Way out of bounds for this list (see the posting guide). Try posting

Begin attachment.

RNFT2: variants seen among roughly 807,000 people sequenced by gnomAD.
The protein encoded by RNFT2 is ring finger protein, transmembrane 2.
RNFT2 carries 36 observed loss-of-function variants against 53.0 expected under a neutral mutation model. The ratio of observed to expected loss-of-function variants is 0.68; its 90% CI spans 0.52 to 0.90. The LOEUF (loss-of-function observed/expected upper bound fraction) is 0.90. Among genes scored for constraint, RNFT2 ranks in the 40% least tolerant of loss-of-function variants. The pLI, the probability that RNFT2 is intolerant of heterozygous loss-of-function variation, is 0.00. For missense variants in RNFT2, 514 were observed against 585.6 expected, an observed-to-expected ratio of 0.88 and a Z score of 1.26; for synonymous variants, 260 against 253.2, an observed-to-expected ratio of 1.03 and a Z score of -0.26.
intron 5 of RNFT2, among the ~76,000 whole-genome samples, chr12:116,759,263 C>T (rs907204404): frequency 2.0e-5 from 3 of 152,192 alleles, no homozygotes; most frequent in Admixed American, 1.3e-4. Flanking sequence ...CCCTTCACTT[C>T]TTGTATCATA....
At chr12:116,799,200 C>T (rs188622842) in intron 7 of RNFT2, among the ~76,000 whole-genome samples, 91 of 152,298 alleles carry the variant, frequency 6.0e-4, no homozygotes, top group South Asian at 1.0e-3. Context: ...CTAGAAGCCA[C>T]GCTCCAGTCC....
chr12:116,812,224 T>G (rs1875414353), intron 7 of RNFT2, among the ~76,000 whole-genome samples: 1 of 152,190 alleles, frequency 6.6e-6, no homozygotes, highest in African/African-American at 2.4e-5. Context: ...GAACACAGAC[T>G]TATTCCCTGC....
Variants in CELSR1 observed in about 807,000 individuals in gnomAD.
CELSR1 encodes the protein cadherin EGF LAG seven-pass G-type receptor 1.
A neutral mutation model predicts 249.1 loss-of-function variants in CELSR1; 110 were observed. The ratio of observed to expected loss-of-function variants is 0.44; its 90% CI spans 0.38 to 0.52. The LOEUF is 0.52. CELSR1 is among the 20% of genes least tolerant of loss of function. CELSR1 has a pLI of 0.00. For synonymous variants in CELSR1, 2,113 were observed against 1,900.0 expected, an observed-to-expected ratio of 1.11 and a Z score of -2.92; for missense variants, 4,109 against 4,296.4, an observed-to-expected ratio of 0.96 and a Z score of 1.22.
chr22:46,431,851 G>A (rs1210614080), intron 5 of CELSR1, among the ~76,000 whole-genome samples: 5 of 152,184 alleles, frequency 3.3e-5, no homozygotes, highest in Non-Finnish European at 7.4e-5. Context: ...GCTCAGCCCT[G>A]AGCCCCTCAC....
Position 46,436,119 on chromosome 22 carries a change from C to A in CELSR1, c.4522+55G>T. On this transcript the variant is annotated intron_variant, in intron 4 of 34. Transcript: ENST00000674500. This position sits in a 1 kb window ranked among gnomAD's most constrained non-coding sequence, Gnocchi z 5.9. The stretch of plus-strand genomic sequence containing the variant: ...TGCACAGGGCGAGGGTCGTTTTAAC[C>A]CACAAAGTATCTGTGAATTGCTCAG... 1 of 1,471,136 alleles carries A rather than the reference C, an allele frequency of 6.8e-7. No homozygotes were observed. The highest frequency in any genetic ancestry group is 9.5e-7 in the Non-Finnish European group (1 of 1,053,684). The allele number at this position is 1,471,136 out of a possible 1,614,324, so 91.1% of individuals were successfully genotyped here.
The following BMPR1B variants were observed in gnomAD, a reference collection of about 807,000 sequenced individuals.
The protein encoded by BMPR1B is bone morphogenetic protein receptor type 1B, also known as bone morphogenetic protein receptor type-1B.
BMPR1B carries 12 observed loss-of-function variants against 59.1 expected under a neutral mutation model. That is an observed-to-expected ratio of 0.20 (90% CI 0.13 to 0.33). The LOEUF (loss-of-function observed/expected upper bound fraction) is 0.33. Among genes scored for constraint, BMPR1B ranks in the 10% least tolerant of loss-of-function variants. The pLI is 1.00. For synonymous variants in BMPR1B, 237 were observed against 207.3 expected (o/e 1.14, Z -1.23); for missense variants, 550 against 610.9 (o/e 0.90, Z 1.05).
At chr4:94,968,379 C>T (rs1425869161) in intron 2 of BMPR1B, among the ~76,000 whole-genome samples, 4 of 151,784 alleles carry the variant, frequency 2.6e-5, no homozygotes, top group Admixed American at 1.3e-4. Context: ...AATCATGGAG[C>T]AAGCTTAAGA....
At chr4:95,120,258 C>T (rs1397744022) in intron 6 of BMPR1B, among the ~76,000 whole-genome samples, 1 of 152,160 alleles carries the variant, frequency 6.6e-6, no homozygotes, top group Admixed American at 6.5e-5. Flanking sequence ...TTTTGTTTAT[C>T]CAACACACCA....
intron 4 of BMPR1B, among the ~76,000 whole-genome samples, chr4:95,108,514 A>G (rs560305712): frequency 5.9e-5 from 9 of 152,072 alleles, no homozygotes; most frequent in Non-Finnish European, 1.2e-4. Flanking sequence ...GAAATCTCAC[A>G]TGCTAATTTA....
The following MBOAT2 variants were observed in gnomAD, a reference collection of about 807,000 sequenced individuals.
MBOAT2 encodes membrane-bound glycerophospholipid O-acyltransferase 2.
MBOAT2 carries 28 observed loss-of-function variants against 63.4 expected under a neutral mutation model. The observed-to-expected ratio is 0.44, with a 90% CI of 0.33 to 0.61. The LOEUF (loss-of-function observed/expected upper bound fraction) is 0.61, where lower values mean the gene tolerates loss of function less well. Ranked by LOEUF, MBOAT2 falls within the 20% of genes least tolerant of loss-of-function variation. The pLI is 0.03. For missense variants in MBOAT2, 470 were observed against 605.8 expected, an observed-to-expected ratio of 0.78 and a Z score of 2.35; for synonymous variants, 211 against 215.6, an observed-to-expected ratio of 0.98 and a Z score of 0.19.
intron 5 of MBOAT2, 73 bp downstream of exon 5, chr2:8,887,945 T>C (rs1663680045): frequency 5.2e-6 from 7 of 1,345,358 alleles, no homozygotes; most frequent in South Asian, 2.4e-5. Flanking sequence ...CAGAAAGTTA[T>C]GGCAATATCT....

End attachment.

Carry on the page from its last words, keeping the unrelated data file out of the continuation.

on stats.stackexchange.com instead. Cheers, Bert Bert Gunter "The trouble with having an open mind is that people keep coming along and sticking things into it." -- Opus (aka Berkeley Breathed in his "Bloom County" comic strip ) On Thu, Mar 16, 2017 at 10:42 AM, David Paul <[hidden email]> wrote: > Hi, > > > > Many thanks in advance for whatever advice / input I may receive. > > > > I have a propensity score matching / data imputation question. The purpose > of the propensity > > score modeling is to put subjects from two different clinical trials on a > similar footing so that a key > > clinical measurement from one study can be attributed / imputed to the other > study. The goal is > > NOT to directly compare the two studies, so this is a very atypical kind of > propensity score usage. > > > > I am using lrm( ) to obtain estimated propensity scores, and my question to > this List is rather more > > philosophical than R-syntax. > > > > > > Here is the data setup: > > > > a.frame > b.frame > > ----------- > ------------ > > 1. Represents data from clinical trial A 1. > Represents data from clinical trial B > > 2. Two arms, 'ACTIVE' and 'PLACEBO' 2. Two > arms, 'ACTIVE' and 'PLACEBO' > > 3. The active drug is the same as with Study B 3. The active > drug is the same as with Study A > > 4. The trial design is very similar to Study B 4. The > trial design is very similar to Study A > > 5. One measurement is a clinical continuous 5. Does NOT > have the clinical continuous measure > > measure obtained via laboratory assay that > is available in Study A > > 6. Number of randomized subjects = 500 6. Number of > randomized subjects = 5,000 > > 7. A subset of the baseline covariates (call it 7. A > subset of the baseline covariates (call it > > a.subset.frame) has 100% commonality > b.subset.frame) has 100% commonality > > with b.subset.frame > with a.subset.frame > > > 8. Primary endpoint is time-to-event > > > > > > Here is the analysis setup: > > > > I have separately split a.frame and b.frame into 'ACTIVE' and 'PLACEBO' > subjects. > > > > For the 'PLACEBO' subjects I have entered the a.subset.frame = > b.subset.frame baseline > > covariates into lrm( ). The outcome variable is a factor variable > representing Study A = 'Y', > > so the estimated propensity scores are the estimated probabilities that a > 'PLACEBO' subject is > > from Study A. I then, finally, used the %GREEDY algorithm (posted on Mayo > Clinic website) > > in SAS to match 1-to-many where the Study A subjects are thought of as > 'case' subjects and > > the Study B subjects are thought of as 'control' subjects. [I know the > matching can be done > > in R, I'm working on that now.] The average number of Study B subjects > matched to a > > single Study A subject is approximately 5. > > > > I have done a similar analysis for the 'ACTIVE' subjects. > > > > > > > > Here is my question: > > > > At the end, I will combine the Study B matched 'PLACEBO' and 'ACTIVE' > subjects and > > perform a Cox PH regression to compare 'PLACEBO' and 'ACTIVE' - there will > be no Study A > > subjects in this analysis. I want to incorporate the clinical continuous > measurement "borrowed" > > from Study A as a covariate. When doing this, how should I best take into > account the > > 1-to-many matching? Do I need to weight the Study B subjects, or can I > simply enter the > > matched Study B subjects into a Cox PH regression and ignore the 1-to-many > issue? > > > > > > Kind Regards, > > > > David > > > > > ______________________________________________ > [hidden email] mailing list -- To UNSUBSCRIBE and more, see > https://stat.ethz.ch/mailman/listinfo/r-help > PLEASE do read the posting guide http://www.R-project.org/posting-guide.html > and provide commented, minimal, self-contained, reproducible code. ______________________________________________ [hidden email] mailing list -- To UNSUBSCRIBE and more, see https://stat.ethz.ch/mailman/listinfo/r-help PLEASE do read the posting guide http://www.R-project.org/posting-guide.html and provide commented, minimal, self-contained, reproducible code. |